How data can help the NHS save lives
Data isn't oil, its sand. Ideas building on the recent policy paper Data Saves Lives
Data isn’t oil, its sand
That insight from Tim O’Reilly is fundamental to grasping the opportunity presented by ever increasing volumes of health data. Drilling in the data sands demands a combination of frameworks and standard with high levels of innovation. The role of the NHS and Government should be to provide the platform on which this innovation can thrive.
It was great to see a proper policy paper on health data issued last week. I love the title, Data Saves Lives. Its one reason I believe in Triscribe. The biggest opportunity to improve health and quality of life in the developed world is better use of data and digital tools.
Triscribe fits squarely in point 2 of the policy paper.
Our vision: staff will have easy access to the right information to provide the best possible care.
A quick reminder about our survey, Triscribe saving you time. We want to hear how Triscribe can make your life, or the lives of others in your team, easier by using data to save you time?
Ideas for data innovation in health
Like any policy paper, the document is full of good intentions but light on specifics. Fair enough. At Triscribe, our job is to be doers, not thinkers. We are already on the road and moving. How can we get involved and help make this vision a reality?
Based on what we see when we look at legacy NHS hospital data and on feedback from our users, here are a few ideas:
Inflation and economic pressures are here to stay. Staffing levels will not recover any time soon. How can we use data to help hard pressed frontline staff? Do more with less is the management speak answer. Use digital to remove some of the burden of data entry, organisation, and retrieval. Help nurses, pharmacists and doctors do more of what they love, taking care of patients.
The last thing the NHS needs is more targets. Using data to save lives needs an open mind, not a rigid definition of standards, goals, and objectives. We have several ideas for small innovative projects. Easy to put in place pilots that prove the benefits. Get in touch if you would like to know more.
Linkage will depend on using NHS IDs and related patient data with proper regard for privacy and security. A centralised, government maintained database is not the best way to approach this. Let’s have a distributed secure ID on the Estonian model. That would allow Triscribe and other innovators from private, public and third sectors to build on top.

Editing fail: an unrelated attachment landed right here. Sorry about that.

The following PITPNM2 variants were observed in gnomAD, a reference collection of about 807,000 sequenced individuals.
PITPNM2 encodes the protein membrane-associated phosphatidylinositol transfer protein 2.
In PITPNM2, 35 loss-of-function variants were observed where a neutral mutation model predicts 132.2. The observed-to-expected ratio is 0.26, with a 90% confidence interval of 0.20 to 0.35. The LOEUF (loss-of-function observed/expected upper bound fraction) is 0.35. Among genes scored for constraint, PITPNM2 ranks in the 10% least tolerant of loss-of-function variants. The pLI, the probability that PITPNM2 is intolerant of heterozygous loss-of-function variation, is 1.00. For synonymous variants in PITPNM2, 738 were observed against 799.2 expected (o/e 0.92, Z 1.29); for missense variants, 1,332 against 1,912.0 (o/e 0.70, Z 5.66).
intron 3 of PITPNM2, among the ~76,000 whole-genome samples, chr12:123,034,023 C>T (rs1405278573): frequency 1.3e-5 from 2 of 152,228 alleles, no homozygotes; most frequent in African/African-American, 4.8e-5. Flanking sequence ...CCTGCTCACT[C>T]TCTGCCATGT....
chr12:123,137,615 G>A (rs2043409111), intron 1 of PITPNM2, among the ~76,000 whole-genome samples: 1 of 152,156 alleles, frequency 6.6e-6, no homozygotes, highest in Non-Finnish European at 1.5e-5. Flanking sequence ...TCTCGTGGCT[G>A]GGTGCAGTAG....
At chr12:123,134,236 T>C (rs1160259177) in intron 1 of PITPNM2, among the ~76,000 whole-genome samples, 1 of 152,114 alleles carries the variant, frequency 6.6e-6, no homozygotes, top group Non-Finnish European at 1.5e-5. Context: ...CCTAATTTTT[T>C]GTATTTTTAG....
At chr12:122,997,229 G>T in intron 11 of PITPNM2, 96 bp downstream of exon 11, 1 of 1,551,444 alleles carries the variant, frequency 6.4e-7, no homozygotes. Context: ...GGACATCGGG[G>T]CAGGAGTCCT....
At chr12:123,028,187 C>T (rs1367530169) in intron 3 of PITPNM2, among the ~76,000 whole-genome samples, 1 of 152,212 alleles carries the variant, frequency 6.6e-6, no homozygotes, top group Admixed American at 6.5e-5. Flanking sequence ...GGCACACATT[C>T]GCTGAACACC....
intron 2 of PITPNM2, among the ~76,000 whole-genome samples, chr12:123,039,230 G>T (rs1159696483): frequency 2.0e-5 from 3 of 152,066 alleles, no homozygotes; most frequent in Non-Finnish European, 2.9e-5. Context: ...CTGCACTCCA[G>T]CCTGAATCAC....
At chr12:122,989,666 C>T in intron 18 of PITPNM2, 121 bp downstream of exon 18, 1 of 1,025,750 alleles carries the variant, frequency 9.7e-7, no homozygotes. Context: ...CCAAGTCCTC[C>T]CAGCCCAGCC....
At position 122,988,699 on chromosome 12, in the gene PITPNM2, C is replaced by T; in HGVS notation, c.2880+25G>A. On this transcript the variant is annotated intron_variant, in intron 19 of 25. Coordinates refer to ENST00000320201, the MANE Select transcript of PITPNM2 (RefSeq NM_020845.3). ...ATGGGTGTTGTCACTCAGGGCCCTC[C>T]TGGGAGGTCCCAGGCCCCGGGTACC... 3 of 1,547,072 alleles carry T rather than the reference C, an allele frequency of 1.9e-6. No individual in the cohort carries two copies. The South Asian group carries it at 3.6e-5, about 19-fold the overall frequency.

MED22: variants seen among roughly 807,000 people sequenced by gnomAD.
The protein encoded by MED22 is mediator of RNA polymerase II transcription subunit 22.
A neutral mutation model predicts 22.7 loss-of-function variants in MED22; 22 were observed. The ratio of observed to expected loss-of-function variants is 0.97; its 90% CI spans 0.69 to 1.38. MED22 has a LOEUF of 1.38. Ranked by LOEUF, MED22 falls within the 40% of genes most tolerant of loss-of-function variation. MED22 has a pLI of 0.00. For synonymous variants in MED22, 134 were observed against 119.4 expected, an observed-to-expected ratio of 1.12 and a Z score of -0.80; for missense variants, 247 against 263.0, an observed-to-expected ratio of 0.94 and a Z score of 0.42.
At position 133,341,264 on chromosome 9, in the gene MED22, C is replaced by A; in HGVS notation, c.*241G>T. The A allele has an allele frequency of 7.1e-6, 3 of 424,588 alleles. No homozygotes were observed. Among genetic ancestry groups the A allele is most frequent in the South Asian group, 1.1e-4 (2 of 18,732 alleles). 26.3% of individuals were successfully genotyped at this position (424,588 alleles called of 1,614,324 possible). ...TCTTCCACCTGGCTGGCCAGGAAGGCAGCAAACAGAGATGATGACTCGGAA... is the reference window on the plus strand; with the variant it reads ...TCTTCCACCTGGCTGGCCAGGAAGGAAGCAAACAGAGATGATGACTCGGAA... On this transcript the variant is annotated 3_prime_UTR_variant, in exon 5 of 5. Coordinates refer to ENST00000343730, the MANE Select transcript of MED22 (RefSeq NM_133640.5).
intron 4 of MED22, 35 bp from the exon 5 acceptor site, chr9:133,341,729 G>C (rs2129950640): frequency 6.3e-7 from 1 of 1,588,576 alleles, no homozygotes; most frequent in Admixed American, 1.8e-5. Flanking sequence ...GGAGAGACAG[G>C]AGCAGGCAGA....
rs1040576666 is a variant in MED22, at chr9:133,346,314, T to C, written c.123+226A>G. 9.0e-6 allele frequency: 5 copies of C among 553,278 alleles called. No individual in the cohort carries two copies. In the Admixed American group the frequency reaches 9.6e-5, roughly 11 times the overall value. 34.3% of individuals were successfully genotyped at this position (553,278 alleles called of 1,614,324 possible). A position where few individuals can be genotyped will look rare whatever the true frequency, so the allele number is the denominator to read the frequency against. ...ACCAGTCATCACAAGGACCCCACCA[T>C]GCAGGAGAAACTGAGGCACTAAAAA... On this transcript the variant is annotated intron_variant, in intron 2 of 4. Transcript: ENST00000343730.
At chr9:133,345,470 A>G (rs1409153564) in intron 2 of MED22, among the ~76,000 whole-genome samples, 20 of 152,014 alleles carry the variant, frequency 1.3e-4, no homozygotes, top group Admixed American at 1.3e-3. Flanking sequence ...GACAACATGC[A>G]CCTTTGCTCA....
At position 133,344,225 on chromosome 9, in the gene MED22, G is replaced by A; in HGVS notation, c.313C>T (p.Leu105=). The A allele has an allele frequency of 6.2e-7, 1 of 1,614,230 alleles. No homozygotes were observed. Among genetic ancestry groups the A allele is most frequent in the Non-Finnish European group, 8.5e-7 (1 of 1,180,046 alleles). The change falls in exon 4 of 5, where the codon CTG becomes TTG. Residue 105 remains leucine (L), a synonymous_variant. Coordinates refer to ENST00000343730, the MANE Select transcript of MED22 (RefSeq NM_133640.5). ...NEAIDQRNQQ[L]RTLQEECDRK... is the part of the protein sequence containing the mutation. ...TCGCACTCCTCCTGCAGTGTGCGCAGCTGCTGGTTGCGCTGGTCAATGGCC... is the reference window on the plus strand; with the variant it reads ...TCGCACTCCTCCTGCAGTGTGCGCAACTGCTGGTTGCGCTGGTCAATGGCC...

International standards for key clinical elements will be vital - dm+d, SNOMED CT, ICD-10 and so on. Exchanging and reconciling data using these standards as a reference point sounds like a dull problem of technical plumbing. It is, but it is also the essential infrastructure to make the vision a reality. Triscribe would love to work in this area.
It looks like there is money to support the policy ambition. I lose track of all the various funding announcements and projects. No doubt there is double counting and other tricks to generate headlines involved. Even numbers in billions are little more than rounding errors for an organisation with spending of £136 Billion in the last financial year. Nonetheless, there is an appetite to invest real money in digital for the NHS.
Anything we can do, we can afford - its not about the money
That is good news. But money is not the problem. In fact, for the challenges facing the NHS, money doesn’t really matter.
“Anything we can actually do, we can afford.” John Maynard Keynes, The Listener 2 April 1942
The real problem is the limited to waht “we can actally do” We don’t have enough people. Demographic reality. The number of people who need healthcare and people who can deliver it is out of balance. It will get worse here and in every country in the developed world.
Digital is an opportunity to help the people we have achieve more with less friction and hassle. Its not the whole answer, but it has to be part of the solution.
Money cannot unlock that opportunity.
We need change. Better tools and people who have the working environment, skills and desire to use them.
Change is bloody hard. We need to try lots of different approaches. Innovation should be one. The NHS was born out of innovation and has been the greatest platform for innovation ever created in the UK.
The good news is that a tiny amount of money given to innovators can make an enormous difference. £100 million given to people with passion and half-formed ideas would be enough.
Triscribe is a handful of those people. We have a few ideas. If you are interested in working with us to deliver real change, we would love to hear from you firstname.lastname@example.org